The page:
Yesterday I read Melissa Terras On Making, Use and Reuse in Digital Humanities:
That's right. The code we made is now in use by another institution, to do their own transcription project. Hurrah!
It was always our aim in Transcribe Bentham to provide the code to others: it was a key part of our project proposal. But you always have to wonder if that is going to happen. Its the kind of thing that everyone writes in project proposals. And whilst lots of people talk about making things in Digital Humanities, and whether or not you have to make things to be a Digital Humanist, we've shied away - as a community - from the spectre of reuse: who takes our code and reappropriates it once we are done? How can we demonstrate impact through the things we've built being utilised beyond just us and - quite frankly - our mates?
So I'm happy as larry that the code we developed, and the system we have built, is both useful to us, but is now useful to others. I'm not sure how much I want to prod the sleeping monster that is general code reuse in Digital Humanities... dont draw attention to our deficiencies!
But I would be delighted if anyone else could point me to examples where code and systems in Digital Humanities were repurposed beyond their original project, just as we would wish?
I was unable to persuade Recaptcha to let me leave a comment and congratulations on Melissa's blog, so am writing a brief post here. TL;DR Transcribe Bentham: congrats! My own horn: toot! toot!
To my knowledge, no one has set up another instance of Pleiades as a gazetteer. But code written for Pleiades gets reused more and more widely the further down in our stack you look. I designed it to be modular and reusable – a stack of tools, not a single tool – so I'd be disappointed if that wasn't the case. I'll explain how it works for us.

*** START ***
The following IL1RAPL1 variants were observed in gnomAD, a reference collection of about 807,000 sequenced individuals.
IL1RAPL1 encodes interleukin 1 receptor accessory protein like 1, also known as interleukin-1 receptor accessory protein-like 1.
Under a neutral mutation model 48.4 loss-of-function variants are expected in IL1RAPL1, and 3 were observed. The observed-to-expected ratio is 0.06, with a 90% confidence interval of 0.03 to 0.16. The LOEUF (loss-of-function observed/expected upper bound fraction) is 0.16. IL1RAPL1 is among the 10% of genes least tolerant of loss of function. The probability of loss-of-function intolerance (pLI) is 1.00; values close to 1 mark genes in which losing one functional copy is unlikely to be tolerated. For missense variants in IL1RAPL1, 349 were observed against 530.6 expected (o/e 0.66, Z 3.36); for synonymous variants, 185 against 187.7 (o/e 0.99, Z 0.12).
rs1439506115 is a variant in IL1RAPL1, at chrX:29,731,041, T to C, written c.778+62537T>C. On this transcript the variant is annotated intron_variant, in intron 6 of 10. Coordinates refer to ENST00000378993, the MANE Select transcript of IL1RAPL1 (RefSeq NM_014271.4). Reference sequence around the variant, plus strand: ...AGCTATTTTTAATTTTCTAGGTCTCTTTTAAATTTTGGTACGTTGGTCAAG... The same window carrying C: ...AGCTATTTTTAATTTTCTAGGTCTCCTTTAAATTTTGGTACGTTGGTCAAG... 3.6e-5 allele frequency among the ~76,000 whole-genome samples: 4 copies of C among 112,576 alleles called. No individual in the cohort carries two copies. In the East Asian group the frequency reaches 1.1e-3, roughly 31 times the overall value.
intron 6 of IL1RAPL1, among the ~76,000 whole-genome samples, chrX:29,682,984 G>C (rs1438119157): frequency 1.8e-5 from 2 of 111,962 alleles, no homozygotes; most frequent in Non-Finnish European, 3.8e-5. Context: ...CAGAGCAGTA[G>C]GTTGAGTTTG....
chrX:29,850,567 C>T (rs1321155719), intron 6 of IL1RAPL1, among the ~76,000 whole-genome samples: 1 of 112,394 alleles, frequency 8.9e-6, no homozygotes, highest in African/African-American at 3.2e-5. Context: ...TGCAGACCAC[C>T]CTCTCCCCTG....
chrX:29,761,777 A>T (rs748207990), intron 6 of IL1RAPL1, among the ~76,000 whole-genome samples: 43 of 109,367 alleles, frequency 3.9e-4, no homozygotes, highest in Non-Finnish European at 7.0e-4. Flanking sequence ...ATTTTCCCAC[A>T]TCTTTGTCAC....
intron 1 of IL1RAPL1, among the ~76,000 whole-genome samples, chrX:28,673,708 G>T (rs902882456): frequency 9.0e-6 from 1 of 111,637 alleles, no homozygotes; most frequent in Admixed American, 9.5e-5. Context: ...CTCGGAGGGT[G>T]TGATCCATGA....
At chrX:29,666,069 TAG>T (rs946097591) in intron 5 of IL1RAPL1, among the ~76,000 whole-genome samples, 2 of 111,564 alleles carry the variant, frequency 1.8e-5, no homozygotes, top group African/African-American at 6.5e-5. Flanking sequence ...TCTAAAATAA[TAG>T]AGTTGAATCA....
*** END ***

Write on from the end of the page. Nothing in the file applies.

Pleiades uses the Plone (and Zope) web application framework. Our Plone products and packages have taken on a life of their own as the collective.geo project. IW:LEARN is a good example of a collective.geo site. Contributions to collective.geo by almost 20 other people have been making Pleiades better. And this is just the start of our reuse story.
Pleiades and collective.geo Zope and Plone packages are based on Python GIS packages spun off from Pleiades such as Shapely, Rtree, and Geojson. At PyCon a couple of weeks ago, I ran into a lot of Shapely users. I saw it mentioned on slides in talks and on posters in the poster session. Famous web and geography hackers even write about using Shapely from time to time. Shapely feature-wise, Pleiades now gets as much back from others as we give out. This is a fantastic position to be in.
Digging deeper in the stack, I've contributed (as "sgillies") to the development of GEOS as part of my work on Pleiades, so Pleiades has thereby played a tiny role in making thousands of open source GIS programs and web sites more spatially capable. A Python protocol for sharing geospatial data that we invented for Pleiades has been implemented rather widely in GIS software. Anywhere you see __geo_interface__ and shape() or asShape(), or programmers sharing data as GeoJSON-like Python mappings, that's the impact of Pleiades. The GeoJSON format itself has some of its roots in Pleiades.
Even if no one ever sets up another Pleiades site, we're having a significant impact on GIS software and systems, even on big time GIS software being used for Spatial Humanities work. The keys to having a similar impact are, in my mind, 1) modularization and generalization to increase the number of potential users and contributors, and 2) a policy of open sourcing from day zero instead of open sourcing after completion of the project – and after people have lost interest and moved on to other software.